"FairFx's Anywhere card and My Travel Cash also offered competitive sterling card options matching the best on offer from dollar and euro prepaid cards.
"If you are unlikely to withdraw money abroad, FairFx's Anywhere card offers one of the best options with a low 1.4% mark up on the exchange rate, but it does charge a £1 ATM fee."
Remember that using your debit card abroad could mean that you get hit with a double whammy of charges.
Friday 31 May 2013, 10:35am
Thursday, 30th May 2013
How we're wasting £500m on card fees and charges each year - here's our guide to stop getting ripped off by poor deals on plastic and foreign currency
Brits are paying way over the odds for their travel money by more than £500 million each year, according to research by Mirror Money.
With the school summer holidays fast approaching, millions will be planning their family fortnight in the sun.
It’s already been bad news for UK holidaymakers this year as the exchange rate for euros and US dollars is well down on those offered in 2012.
That makes it even more important that travellers don’t get ripped off by poor deals on plastic and foreign currency.
A family on a two-week trip abroad could easily save up to £50 on travel spending just by understanding the options available to them. Research by uSwitch.com says credit card charges alone will set consumers back £327million this summer.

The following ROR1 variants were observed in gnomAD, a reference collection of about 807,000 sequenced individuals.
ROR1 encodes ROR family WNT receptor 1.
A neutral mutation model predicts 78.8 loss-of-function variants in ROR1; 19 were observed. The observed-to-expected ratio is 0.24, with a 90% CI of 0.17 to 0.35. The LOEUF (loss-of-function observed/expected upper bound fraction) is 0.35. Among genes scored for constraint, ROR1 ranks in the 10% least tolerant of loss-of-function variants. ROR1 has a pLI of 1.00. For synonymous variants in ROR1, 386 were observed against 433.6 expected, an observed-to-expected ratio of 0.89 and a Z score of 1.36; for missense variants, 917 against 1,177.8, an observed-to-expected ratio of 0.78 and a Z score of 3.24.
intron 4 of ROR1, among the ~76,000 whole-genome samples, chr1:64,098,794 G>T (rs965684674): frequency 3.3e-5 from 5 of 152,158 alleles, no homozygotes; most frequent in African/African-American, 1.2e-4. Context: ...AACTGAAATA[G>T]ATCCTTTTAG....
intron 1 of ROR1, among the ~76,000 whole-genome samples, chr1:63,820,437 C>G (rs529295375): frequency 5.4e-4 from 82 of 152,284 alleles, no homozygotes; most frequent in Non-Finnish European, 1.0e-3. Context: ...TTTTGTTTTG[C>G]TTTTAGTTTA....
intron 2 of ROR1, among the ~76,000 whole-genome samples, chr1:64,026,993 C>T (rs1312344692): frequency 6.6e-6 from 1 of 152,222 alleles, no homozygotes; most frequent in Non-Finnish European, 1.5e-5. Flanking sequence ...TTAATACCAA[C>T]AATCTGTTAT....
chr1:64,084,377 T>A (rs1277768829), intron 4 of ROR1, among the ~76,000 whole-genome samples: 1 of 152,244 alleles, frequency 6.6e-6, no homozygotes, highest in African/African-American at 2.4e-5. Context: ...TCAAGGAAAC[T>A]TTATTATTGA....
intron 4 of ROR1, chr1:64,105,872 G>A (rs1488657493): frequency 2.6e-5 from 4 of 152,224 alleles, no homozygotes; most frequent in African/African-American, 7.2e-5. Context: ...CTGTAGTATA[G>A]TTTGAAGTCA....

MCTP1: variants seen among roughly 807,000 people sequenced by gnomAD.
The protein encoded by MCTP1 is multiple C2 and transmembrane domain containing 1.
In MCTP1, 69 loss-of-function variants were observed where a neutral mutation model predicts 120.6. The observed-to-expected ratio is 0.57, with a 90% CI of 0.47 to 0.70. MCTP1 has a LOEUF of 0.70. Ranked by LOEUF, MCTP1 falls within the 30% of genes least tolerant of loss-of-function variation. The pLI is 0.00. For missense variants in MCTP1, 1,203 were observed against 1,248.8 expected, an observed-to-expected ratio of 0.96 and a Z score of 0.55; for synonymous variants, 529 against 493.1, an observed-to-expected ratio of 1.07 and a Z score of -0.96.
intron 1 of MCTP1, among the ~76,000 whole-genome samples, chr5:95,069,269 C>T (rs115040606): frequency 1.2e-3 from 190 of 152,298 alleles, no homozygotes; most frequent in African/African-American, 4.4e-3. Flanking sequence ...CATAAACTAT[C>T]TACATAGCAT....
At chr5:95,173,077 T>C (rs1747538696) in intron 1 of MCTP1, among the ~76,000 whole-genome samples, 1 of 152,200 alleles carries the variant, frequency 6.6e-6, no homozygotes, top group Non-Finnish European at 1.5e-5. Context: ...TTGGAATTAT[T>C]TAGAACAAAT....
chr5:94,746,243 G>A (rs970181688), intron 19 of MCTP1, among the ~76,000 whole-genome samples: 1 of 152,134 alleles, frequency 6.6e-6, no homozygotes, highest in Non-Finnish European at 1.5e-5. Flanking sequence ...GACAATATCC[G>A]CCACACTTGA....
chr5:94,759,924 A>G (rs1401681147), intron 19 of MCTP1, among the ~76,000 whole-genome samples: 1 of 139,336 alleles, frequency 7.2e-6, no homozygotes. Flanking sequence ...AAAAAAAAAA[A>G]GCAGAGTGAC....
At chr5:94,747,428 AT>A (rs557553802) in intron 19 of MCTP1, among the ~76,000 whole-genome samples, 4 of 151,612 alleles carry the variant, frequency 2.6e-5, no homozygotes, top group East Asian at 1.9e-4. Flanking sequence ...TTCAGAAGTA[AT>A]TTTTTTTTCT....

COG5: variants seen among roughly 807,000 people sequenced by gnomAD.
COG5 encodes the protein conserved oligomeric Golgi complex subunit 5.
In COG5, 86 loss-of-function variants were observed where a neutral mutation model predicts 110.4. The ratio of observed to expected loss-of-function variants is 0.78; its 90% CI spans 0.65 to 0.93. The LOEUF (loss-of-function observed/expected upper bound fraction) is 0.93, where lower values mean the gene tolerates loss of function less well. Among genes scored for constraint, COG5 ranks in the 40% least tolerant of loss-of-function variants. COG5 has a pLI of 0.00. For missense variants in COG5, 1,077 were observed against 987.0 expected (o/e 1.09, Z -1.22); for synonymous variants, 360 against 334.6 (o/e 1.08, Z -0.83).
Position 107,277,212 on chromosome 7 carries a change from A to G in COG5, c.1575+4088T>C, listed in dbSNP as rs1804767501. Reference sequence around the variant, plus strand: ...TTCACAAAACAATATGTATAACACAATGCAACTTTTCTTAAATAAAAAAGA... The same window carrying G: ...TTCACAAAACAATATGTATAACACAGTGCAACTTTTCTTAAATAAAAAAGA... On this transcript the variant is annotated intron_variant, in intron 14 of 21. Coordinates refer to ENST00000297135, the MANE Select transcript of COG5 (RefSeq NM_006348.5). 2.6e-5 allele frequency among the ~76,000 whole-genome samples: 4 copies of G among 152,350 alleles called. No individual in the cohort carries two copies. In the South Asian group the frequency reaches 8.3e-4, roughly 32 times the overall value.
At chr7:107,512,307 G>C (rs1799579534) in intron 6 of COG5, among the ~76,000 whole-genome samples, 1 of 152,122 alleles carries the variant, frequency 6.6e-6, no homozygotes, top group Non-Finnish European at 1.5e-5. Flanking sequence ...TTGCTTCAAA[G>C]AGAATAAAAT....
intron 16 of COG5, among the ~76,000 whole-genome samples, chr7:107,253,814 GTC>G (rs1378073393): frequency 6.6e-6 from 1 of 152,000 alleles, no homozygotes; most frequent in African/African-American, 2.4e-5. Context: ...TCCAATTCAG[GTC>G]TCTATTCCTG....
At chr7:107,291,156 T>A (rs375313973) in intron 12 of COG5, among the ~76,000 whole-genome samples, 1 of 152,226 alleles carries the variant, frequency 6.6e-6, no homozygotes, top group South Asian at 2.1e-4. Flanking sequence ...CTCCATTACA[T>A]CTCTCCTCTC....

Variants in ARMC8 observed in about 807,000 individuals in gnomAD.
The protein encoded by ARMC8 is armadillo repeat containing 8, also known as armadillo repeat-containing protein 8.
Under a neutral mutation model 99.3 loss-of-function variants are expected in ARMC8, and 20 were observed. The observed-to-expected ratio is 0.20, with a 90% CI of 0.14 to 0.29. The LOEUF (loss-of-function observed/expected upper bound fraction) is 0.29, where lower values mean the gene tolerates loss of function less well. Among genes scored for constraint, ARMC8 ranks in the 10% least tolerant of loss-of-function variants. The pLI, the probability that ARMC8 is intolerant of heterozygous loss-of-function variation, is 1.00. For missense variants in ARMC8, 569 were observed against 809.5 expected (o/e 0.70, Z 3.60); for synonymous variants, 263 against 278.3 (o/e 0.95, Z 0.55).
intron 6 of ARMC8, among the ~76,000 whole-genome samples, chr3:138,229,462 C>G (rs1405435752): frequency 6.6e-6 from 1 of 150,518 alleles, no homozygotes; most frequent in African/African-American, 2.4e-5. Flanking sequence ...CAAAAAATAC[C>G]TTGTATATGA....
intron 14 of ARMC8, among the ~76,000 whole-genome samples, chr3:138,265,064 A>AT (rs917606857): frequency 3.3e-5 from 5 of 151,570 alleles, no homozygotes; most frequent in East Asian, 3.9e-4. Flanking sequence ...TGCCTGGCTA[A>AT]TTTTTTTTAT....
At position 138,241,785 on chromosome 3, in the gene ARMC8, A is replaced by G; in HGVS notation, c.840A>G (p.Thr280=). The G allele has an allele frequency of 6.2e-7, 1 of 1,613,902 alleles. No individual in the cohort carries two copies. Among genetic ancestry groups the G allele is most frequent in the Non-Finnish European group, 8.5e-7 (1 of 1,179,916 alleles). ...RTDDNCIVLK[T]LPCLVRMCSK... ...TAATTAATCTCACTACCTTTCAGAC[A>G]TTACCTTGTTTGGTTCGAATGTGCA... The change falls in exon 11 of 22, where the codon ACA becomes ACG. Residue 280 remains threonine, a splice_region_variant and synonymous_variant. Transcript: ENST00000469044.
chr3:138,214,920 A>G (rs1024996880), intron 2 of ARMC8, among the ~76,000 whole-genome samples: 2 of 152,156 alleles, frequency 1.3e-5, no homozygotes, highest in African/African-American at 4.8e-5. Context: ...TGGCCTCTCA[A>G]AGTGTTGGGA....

Many travellers do not know where to go for the cheapest money deals.
The mind-boggling array of cards and different charges is a minefield and often means people end up spending too much of their holiday budget on card fees.
Sadly, it’s not until people get home and read their bank statement they realise just how much they’ve wasted on charges.
We’ve been doing some digging to help you find the best options when it comes to choosing a card and buying your holiday cash. We also highlight the most expensive – so you know which ones to avoid.
If you use a credit card overseas be aware that most banks will add on a foreign usage fee to cash and purchase transactions. In most cases these charges are around 2.75% to 2.99% of the amount spent, however a few cards offer a better deal (see table, opposite).
If you only use your card for making purchases in shops and restaurants that’s all you’ll pay on top, but for cash transactions on a credit card it’s even more expensive.
In addition to the foreign usage fee, most credit card cash transactions will cost you an extra 3% on top, so an ATM withdrawal of £100 worth of euros or dollars can easily set you back a combined charge of around £6, so best avoided unless it’s an emergency.
Good Value – Halifax (Clarity), Metro Bank, Post Office & Saga
Expensive – American Express, ASDA and HSBC
Whichever card you take abroad, it’s worth spending a couple of minutes to check what the charges are for your particular plastic.